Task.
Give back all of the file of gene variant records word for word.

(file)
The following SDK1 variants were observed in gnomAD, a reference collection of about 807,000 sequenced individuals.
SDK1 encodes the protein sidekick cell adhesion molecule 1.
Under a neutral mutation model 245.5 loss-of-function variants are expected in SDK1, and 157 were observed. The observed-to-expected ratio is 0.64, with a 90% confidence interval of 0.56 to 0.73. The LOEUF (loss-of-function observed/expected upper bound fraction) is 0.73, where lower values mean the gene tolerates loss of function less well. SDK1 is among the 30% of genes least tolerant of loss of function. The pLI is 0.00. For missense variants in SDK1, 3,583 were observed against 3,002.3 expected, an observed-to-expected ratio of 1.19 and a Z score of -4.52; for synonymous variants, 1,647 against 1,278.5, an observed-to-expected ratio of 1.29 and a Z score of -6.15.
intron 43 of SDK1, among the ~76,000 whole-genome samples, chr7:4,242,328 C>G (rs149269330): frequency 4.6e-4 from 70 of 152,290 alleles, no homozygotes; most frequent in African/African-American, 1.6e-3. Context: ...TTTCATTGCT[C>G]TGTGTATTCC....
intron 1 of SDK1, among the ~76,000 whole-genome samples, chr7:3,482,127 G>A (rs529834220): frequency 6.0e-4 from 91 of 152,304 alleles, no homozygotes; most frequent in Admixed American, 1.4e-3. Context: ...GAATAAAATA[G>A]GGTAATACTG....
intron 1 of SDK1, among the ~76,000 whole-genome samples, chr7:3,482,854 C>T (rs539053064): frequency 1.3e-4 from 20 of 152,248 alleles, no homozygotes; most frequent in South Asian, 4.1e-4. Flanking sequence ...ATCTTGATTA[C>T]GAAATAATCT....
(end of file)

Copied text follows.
The following SDK1 variants were observed in gnomAD, a reference collection of about 807,000 sequenced individuals.
SDK1 encodes the protein sidekick cell adhesion molecule 1.
Under a neutral mutation model 245.5 loss-of-function variants are expected in SDK1, and 157 were observed. The observed-to-expected ratio is 0.64, with a 90% confidence interval of 0.56 to 0.73. The LOEUF (loss-of-function observed/expected upper bound fraction) is 0.73, where lower values mean the gene tolerates loss of function less well. SDK1 is among the 30% of genes least tolerant of loss of function. The pLI is 0.00. For missense variants in SDK1, 3,583 were observed against 3,002.3 expected, an observed-to-expected ratio of 1.19 and a Z score of -4.52; for synonymous variants, 1,647 against 1,278.5, an observed-to-expected ratio of 1.29 and a Z score of -6.15.
intron 43 of SDK1, among the ~76,000 whole-genome samples, chr7:4,242,328 C>G (rs149269330): frequency 4.6e-4 from 70 of 152,290 alleles, no homozygotes; most frequent in African/African-American, 1.6e-3. Context: ...TTTCATTGCT[C>G]TGTGTATTCC....
intron 1 of SDK1, among the ~76,000 whole-genome samples, chr7:3,482,127 G>A (rs529834220): frequency 6.0e-4 from 91 of 152,304 alleles, no homozygotes; most frequent in Admixed American, 1.4e-3. Context: ...GAATAAAATA[G>A]GGTAATACTG....
intron 1 of SDK1, among the ~76,000 whole-genome samples, chr7:3,482,854 C>T (rs539053064): frequency 1.3e-4 from 20 of 152,248 alleles, no homozygotes; most frequent in South Asian, 4.1e-4. Flanking sequence ...ATCTTGATTA[C>T]GAAATAATCT....